In fact Santa Clara’s employment stats are hardly better than those sported by the infamous Thomas J. Cooley School of Law (there should probably be an equivalent to Godwin’s Law for internet threads about law school employment statistics, with Cooley playing the role of youknowwho). While Santa Clara noses out Cooley in regard to the percentage of grads getting legal jobs (35.6% to 30.0% respectively), Cooley’s graduate unemployment rate is actually better, as only 32.6% of the 2014 class was unemployed ten months after graduation, even counting all 62 of the graduates Cooley wasn’t able to track down as unemployed.

In all seriousness, I can’t understand the mentality of someone like Diamond. Is he simply indifferent to the dire situation facing such a large proportion of the students who pay his salary? Is he in some sort of deep denial? Beyond this, how can he fail to understand that, for someone who teaches at a law school like Santa Clara and who wants to protect the status quo, the first rule of law school employment statistics is that you don’t talk about law school employment statistics?

. . . In comments, Unemployed Northeastern points out that Santa Clara’s enrollment has been cratering, despite a significant cut in admissions standards aimed at stemming the tide. Specifically, over the past five years the school’s JD enrollment has gone from 1001 to 643. Diamond, who styles himself a fierce opponent of libertarian economics, nevertheless loves to talk about how “the market” more or less magically “corrects” itself — and here we have an example of how something resembling such a correction can take place, as a consequence of even a tiny bit of transparency regarding employment outcomes. (That transparency, it should be unnecessary to point out, came about as a consequence of concerted political action, not because some abstract “market” made it inevitable that SCU couldn’t keep defrauding potential admits with fake employment stats).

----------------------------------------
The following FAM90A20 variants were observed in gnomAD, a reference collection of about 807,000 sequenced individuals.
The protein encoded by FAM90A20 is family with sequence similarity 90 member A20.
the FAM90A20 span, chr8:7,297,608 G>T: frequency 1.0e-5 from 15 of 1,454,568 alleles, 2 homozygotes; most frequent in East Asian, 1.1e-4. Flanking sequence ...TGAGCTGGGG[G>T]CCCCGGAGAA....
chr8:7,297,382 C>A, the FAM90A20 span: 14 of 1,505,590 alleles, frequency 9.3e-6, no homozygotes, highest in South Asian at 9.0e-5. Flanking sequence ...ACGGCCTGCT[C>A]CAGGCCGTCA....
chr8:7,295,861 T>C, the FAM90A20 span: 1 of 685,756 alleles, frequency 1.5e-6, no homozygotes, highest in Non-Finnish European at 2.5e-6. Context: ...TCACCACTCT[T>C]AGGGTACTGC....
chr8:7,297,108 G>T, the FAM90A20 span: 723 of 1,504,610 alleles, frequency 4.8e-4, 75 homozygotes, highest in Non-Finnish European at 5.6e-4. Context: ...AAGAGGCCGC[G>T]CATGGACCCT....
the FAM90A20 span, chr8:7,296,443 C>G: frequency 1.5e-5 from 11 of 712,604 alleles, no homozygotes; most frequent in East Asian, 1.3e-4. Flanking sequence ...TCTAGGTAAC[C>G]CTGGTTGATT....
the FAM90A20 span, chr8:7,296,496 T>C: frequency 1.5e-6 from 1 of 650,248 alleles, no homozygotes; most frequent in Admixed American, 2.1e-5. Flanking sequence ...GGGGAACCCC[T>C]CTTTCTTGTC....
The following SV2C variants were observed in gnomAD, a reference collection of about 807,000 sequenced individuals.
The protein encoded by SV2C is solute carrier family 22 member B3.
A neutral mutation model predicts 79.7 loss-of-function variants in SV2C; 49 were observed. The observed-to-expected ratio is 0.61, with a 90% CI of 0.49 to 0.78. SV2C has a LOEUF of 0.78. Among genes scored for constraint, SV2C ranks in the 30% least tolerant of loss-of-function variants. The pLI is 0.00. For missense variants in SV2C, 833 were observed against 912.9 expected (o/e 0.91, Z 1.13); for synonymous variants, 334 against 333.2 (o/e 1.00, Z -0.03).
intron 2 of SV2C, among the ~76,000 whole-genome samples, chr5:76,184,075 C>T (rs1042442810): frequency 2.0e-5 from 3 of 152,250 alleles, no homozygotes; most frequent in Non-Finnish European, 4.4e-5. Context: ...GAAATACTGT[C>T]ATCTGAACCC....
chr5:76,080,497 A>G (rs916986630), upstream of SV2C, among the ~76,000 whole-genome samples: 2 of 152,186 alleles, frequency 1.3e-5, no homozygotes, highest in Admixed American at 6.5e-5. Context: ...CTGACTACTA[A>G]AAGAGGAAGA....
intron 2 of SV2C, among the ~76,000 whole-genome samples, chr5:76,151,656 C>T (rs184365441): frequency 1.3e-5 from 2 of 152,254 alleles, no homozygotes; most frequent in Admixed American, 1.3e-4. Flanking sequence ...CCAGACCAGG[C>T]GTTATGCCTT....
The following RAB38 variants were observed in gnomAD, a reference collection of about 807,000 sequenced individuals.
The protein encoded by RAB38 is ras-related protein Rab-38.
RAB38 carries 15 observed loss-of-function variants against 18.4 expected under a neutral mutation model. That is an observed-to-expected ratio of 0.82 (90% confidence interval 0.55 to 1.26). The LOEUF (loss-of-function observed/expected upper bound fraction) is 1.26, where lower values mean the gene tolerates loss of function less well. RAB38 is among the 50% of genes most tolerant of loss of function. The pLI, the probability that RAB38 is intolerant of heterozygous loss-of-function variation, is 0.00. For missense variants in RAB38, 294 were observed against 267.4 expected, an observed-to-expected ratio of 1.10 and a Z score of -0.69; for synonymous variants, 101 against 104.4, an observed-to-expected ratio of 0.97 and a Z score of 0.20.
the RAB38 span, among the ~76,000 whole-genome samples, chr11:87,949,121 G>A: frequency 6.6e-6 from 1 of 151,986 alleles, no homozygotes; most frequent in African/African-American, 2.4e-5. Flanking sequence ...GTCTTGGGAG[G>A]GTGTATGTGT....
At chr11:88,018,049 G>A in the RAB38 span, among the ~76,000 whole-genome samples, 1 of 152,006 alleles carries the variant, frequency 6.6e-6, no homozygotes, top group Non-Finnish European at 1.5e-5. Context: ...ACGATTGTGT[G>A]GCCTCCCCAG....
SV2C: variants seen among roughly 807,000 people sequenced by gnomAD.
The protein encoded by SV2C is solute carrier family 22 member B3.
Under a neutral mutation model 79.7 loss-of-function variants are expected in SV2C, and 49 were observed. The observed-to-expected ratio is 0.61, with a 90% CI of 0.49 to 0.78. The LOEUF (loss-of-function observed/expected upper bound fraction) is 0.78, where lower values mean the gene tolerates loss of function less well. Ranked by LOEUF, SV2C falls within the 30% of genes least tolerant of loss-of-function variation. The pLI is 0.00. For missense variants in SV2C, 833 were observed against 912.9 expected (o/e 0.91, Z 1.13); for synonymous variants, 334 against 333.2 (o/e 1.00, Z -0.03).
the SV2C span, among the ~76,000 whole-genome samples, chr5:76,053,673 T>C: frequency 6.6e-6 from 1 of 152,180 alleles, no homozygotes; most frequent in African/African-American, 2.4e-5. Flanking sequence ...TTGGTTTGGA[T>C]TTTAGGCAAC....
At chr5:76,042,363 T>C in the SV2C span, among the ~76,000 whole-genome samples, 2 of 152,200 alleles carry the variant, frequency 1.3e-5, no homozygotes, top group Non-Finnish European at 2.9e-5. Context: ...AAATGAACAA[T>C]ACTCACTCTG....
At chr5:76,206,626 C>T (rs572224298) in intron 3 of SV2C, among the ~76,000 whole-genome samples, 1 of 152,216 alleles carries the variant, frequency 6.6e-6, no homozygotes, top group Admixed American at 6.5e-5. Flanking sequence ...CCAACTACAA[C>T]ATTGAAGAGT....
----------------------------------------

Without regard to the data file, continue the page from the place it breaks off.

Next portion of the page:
Of course as UNE also notes, a “market” for law school admissions that didn’t feature the federal government loaning nearly $220,000 to literally anyone not currently in default on an educational loan who Santa Clara decides to admit would have far more devastating consequences for SCU’s already-collapsing admissions.

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21st Century Policing

[ 40 ] April 13, 2015 |

Maybe it’s only a matter of time before police departments of the New Gilded Age start creating hunting licenses for rich people to shoot humans.

Robert Bates, the reserve Tulsa County deputy who fatally shot a man who was in a physical altercation with another deputy last week, has donated thousands of dollars worth of items to the Sheriff’s Office since becoming a reserve deputy in 2008.

Bates, 73, accidentally shot Eric Harris on Thursday, according to Maj. Shannon Clark, after Harris — the subject of an undercover gun and ammunition buy by the Sheriff’s Office’s Violent Crimes Task Force — fled from arrest and then fought with a deputy who tackled him. Bates, Clark said, thought he was holding a stun gun when he pulled the trigger.

Bates is not an active member of the task force but donates his hours there as a highly regarded member of the Reserve Deputy Program, Clark said.

Harris, 44, an ex-convict with an extensive criminal history, was shot in the right axilla, the area under the joint that connects the arm to the shoulder, according to the state Medical Examiner’s Office. Clark said Harris, who died at a Tulsa hospital after the shooting, told a deputy at the scene that he had taken PCP earlier in the morning.

Bates apparently is not alone as both a donor and reserve deputy. While the Sheriff’s Office has not released its full roster, Clark said other wealthy donors are among the agency’s 130 reserve deputies.

“There are lots of wealthy people in the reserve program,” he said. “Many of them make donations of items. That’s not unusual at all.”

Perhaps Soviet propaganda about the United States was more spot on than we thought.